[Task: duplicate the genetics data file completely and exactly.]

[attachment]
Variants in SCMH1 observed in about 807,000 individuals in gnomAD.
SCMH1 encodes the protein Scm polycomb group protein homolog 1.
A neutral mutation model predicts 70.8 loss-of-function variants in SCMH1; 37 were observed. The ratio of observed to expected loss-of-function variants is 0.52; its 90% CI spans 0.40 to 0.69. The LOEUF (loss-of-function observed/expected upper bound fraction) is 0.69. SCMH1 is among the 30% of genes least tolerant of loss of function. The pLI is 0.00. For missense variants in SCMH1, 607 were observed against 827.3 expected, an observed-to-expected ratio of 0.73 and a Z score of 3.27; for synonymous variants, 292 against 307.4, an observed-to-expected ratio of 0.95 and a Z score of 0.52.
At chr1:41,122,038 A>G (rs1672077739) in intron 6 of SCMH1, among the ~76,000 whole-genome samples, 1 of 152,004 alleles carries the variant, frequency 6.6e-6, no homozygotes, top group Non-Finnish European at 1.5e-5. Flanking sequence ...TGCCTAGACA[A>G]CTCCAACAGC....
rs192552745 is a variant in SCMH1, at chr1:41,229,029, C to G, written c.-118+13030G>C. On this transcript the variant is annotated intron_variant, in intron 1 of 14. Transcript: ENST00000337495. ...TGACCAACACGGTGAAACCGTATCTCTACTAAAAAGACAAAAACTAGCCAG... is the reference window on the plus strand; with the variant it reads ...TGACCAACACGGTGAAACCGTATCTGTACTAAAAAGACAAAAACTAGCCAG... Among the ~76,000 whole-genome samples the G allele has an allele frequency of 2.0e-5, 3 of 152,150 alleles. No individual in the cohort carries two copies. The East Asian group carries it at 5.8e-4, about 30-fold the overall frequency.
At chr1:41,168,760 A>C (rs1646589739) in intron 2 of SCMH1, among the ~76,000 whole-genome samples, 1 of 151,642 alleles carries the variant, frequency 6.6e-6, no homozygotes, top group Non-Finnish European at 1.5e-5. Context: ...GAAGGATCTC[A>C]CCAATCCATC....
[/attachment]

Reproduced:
Variants in SCMH1 observed in about 807,000 individuals in gnomAD.
SCMH1 encodes the protein Scm polycomb group protein homolog 1.
A neutral mutation model predicts 70.8 loss-of-function variants in SCMH1; 37 were observed. The ratio of observed to expected loss-of-function variants is 0.52; its 90% CI spans 0.40 to 0.69. The LOEUF (loss-of-function observed/expected upper bound fraction) is 0.69. SCMH1 is among the 30% of genes least tolerant of loss of function. The pLI is 0.00. For missense variants in SCMH1, 607 were observed against 827.3 expected, an observed-to-expected ratio of 0.73 and a Z score of 3.27; for synonymous variants, 292 against 307.4, an observed-to-expected ratio of 0.95 and a Z score of 0.52.
At chr1:41,122,038 A>G (rs1672077739) in intron 6 of SCMH1, among the ~76,000 whole-genome samples, 1 of 152,004 alleles carries the variant, frequency 6.6e-6, no homozygotes, top group Non-Finnish European at 1.5e-5. Flanking sequence ...TGCCTAGACA[A>G]CTCCAACAGC....
rs192552745 is a variant in SCMH1, at chr1:41,229,029, C to G, written c.-118+13030G>C. On this transcript the variant is annotated intron_variant, in intron 1 of 14. Transcript: ENST00000337495. ...TGACCAACACGGTGAAACCGTATCTCTACTAAAAAGACAAAAACTAGCCAG... is the reference window on the plus strand; with the variant it reads ...TGACCAACACGGTGAAACCGTATCTGTACTAAAAAGACAAAAACTAGCCAG... Among the ~76,000 whole-genome samples the G allele has an allele frequency of 2.0e-5, 3 of 152,150 alleles. No individual in the cohort carries two copies. The East Asian group carries it at 5.8e-4, about 30-fold the overall frequency.
At chr1:41,168,760 A>C (rs1646589739) in intron 2 of SCMH1, among the ~76,000 whole-genome samples, 1 of 151,642 alleles carries the variant, frequency 6.6e-6, no homozygotes, top group Non-Finnish European at 1.5e-5. Context: ...GAAGGATCTC[A>C]CCAATCCATC....